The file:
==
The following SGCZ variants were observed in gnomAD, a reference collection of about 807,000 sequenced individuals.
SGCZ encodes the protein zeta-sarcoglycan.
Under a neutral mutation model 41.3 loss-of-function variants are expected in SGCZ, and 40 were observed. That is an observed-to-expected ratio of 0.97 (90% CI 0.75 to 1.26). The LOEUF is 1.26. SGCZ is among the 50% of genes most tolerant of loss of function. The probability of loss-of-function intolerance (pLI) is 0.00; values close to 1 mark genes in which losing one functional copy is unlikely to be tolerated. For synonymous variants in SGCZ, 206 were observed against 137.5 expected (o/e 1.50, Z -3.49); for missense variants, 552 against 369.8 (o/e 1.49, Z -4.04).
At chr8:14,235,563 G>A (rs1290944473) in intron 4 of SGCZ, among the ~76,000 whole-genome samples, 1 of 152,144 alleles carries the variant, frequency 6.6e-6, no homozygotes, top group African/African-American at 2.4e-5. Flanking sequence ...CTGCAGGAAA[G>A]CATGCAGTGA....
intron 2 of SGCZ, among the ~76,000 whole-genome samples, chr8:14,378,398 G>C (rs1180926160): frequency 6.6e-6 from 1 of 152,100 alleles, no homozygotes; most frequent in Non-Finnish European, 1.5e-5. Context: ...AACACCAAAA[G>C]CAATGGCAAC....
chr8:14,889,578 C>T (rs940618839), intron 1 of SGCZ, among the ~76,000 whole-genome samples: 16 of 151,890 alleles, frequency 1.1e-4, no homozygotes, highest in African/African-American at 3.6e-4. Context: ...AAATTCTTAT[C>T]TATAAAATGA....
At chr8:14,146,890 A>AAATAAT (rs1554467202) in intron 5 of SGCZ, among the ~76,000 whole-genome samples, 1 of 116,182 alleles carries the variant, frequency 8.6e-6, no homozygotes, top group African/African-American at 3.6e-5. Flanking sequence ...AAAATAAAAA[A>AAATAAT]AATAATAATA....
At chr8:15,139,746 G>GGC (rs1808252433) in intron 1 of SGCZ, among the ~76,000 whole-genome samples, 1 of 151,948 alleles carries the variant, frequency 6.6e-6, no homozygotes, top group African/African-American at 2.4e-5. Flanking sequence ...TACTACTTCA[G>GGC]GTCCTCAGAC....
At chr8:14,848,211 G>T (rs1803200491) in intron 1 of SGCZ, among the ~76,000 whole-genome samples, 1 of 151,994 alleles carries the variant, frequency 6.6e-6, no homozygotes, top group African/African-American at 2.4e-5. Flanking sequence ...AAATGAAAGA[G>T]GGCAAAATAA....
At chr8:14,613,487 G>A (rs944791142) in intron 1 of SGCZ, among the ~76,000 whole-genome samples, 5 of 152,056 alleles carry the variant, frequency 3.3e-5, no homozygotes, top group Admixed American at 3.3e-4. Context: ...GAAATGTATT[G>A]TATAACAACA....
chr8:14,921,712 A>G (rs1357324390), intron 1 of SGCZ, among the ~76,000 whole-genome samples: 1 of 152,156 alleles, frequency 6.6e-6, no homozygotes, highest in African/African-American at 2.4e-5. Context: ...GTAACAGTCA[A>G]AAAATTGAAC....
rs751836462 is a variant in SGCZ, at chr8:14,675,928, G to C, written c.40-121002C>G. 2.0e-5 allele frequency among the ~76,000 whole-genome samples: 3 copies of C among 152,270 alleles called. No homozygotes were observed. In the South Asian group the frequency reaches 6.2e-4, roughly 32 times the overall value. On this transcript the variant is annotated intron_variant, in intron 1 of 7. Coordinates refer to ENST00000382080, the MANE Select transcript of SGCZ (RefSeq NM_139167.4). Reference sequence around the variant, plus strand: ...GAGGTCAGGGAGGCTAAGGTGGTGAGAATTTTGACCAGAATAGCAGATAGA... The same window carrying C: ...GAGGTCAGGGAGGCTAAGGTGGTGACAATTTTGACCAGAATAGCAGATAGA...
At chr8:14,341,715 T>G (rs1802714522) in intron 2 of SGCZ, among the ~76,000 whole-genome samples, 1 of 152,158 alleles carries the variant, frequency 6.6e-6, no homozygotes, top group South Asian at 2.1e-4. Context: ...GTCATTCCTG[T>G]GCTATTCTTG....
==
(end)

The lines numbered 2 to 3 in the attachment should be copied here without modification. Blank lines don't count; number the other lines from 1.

SGCZ encodes the protein zeta-sarcoglycan.
Under a neutral mutation model 41.3 loss-of-function variants are expected in SGCZ, and 40 were observed. That is an observed-to-expected ratio of 0.97 (90% CI 0.75 to 1.26). The LOEUF is 1.26. SGCZ is among the 50% of genes most tolerant of loss of function. The probability of loss-of-function intolerance (pLI) is 0.00; values close to 1 mark genes in which losing one functional copy is unlikely to be tolerated. For synonymous variants in SGCZ, 206 were observed against 137.5 expected (o/e 1.50, Z -3.49); for missense variants, 552 against 369.8 (o/e 1.49, Z -4.04).